Jeremy Werner // Illini Inquirer

Illini freshman center Doug Kramer: 'Everyone's going to tell me I'm small, but I kind of let that fuel me'

Illini freshman center Doug Kramer may be the smallest Illini offensive linemen, but he's also making a case that he may be one of the best five

Lovie Smith dismisses dubbing 6-foot-2, 270-pound redshirt freshman Doug Kramer as "undersized."

"We don't use that term," Smith said. "Undersized doesn't mean a lot to us. Size is one of the most overrated things there is. Strength isn't. Our guys are all strong. Doug has great quickness, and he's definitely performed well since he's gotten here really."

Kramer doesn't use his less-than-ideal Big Ten frame as an excuse either.

"I have a huge chip on my shoulder because I'm undersized obviously," Kramer said. "Everyone's going to tell me I'm small, but I kind of let that fuel me."

Kramer, a Hinsdale Central product, looks at a trio of brothers from Hinsdale Central as proof that size shouldn't hold him back. At 6-foot-2, 290 pounds, Jack Allen was a four-year starter at Michigan State and earned First-Team AP All-America honors as a senior. Brian Allen (6-2, 304) enters his junior seasons at Michigan State with back-to-back All-Big Ten Second Team honors, while youngest brother Matt Allen (6-3, 290) is expected to make an impact for the Spartans next season. Kramer played with both Brian and Matt Allen.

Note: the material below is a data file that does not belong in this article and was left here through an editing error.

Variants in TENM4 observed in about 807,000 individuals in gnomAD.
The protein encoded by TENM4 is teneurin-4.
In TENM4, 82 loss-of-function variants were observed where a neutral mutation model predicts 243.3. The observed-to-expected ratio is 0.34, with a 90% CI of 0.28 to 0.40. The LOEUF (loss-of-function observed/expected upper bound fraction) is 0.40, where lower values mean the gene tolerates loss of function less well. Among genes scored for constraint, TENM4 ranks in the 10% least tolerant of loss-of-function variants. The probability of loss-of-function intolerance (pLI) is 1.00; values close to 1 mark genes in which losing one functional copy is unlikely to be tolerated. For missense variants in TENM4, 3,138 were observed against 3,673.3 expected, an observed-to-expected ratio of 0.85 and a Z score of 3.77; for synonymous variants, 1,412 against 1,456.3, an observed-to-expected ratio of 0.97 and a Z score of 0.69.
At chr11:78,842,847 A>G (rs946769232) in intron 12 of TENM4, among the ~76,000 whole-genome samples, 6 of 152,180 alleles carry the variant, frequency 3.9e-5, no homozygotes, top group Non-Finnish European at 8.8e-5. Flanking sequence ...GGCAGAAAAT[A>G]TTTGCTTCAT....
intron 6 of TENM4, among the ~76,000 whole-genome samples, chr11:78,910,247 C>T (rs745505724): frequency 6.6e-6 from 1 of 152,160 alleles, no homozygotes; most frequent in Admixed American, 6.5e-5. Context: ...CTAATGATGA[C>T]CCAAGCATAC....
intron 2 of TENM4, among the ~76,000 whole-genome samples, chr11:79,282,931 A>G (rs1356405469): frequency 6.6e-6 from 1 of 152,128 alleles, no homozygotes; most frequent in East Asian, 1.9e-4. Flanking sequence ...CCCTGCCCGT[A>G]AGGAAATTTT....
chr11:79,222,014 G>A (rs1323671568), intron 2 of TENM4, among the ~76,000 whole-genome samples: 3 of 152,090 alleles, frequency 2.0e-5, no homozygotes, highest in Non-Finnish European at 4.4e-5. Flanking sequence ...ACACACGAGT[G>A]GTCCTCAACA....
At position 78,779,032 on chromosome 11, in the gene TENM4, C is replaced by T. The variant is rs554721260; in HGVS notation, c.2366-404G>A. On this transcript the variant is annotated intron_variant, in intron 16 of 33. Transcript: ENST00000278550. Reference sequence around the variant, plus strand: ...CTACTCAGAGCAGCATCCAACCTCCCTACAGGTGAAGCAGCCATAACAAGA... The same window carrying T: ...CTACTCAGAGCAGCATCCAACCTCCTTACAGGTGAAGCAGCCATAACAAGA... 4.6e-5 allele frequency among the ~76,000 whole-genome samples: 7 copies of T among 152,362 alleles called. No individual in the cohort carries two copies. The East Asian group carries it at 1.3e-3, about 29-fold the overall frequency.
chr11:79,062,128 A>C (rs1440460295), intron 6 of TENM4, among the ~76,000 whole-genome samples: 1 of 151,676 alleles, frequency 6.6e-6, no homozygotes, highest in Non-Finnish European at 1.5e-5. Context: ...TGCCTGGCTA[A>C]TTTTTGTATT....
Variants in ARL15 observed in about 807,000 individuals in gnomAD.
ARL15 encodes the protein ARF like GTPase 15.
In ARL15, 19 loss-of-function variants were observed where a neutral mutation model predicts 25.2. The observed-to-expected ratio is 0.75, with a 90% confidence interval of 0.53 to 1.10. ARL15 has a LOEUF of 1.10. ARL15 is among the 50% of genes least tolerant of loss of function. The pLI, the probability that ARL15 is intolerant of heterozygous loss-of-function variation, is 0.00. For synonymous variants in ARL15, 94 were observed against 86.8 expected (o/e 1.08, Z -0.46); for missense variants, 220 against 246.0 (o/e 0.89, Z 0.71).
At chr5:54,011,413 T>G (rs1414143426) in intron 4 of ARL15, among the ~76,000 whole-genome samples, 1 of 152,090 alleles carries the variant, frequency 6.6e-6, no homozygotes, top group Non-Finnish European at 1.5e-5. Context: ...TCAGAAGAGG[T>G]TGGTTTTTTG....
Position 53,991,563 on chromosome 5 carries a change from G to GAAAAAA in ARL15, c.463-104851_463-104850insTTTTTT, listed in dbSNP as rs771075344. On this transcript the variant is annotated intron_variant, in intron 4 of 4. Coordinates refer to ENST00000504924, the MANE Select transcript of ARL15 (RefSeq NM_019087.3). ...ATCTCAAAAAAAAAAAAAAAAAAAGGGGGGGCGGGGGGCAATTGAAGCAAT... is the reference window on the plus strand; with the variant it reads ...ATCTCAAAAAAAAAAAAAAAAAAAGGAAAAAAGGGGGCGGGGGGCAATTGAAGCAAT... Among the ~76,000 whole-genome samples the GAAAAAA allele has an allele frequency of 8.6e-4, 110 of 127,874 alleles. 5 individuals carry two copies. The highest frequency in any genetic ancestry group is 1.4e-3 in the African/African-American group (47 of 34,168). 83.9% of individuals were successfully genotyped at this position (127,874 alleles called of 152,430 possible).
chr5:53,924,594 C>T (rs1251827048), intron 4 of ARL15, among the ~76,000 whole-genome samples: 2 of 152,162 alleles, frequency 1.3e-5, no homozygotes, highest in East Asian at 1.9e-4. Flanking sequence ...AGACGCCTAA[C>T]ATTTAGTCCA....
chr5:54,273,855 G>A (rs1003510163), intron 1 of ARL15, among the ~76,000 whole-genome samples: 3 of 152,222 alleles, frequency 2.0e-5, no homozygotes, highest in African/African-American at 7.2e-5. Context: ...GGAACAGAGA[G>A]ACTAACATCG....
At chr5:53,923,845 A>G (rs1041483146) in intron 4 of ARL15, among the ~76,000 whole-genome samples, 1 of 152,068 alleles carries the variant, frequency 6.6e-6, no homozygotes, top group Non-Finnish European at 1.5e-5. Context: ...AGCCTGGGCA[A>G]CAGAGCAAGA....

"Obviously, they're both great players, good friends too," Kramer said. "I looked at both of them and they were just nasty. That's the biggest thing I've taken from them, just finishing people every single play. No matter if you're winning or losing, every single play, you have to just play nasty and play mean." Kramer quickly has exceeded early expectations at Illinois. He committed to former Illini coach Bill Cubit in January 2016 as a grayshirt and planned to arrive on campus in January 2017. But Smith invited him to join the team in early August when a scholarship opened just two days before fall training camp began.

"It was a really quick transition, but it was nothing I couldn't handle," Kramer said. "I came here and started working hard."

Kramer performed well during fall training camp, holding his own against a talented illini defensive line. He traveled with the team this season but never played in a game, preserving his redshirt.

With three-year starting center Joe Spencer graduated, Kramer has an even larger opportunity this spring. Junior Nick Allegretti, who started at guard last season, has repped at starting center. But Kramer also has received a lot of first-team center reps, shifting Allegretti to guard (where sophomore Darta Lee is rotating between the first- and second strings). The Illini are looking for the best five, and Allegretti's versatility gives Kramer a shot to start.

"Obviously, it's an awesome opportunity," Kramer said. "I'm just trying to make the most of every snap, go as hard as I possibly can, focus on technique, focus on my assignment and everything will work out."

Kramer may be one of the smaller Illinois offensive linemen, but he's making a case that he still may be one of the best five.

"You got to play with great leverage," Kramer said. "You have to play with great enthusiasm. You got to be willing to give up your body and sell out. That's a lot of things I focus on when I'm out here. There's going to be people who tell you you're too small, but it doesn't matter. The only thing that matters is focusing on your technique and working hard. Every time I'm in the building, I just try to work as hard as I can."

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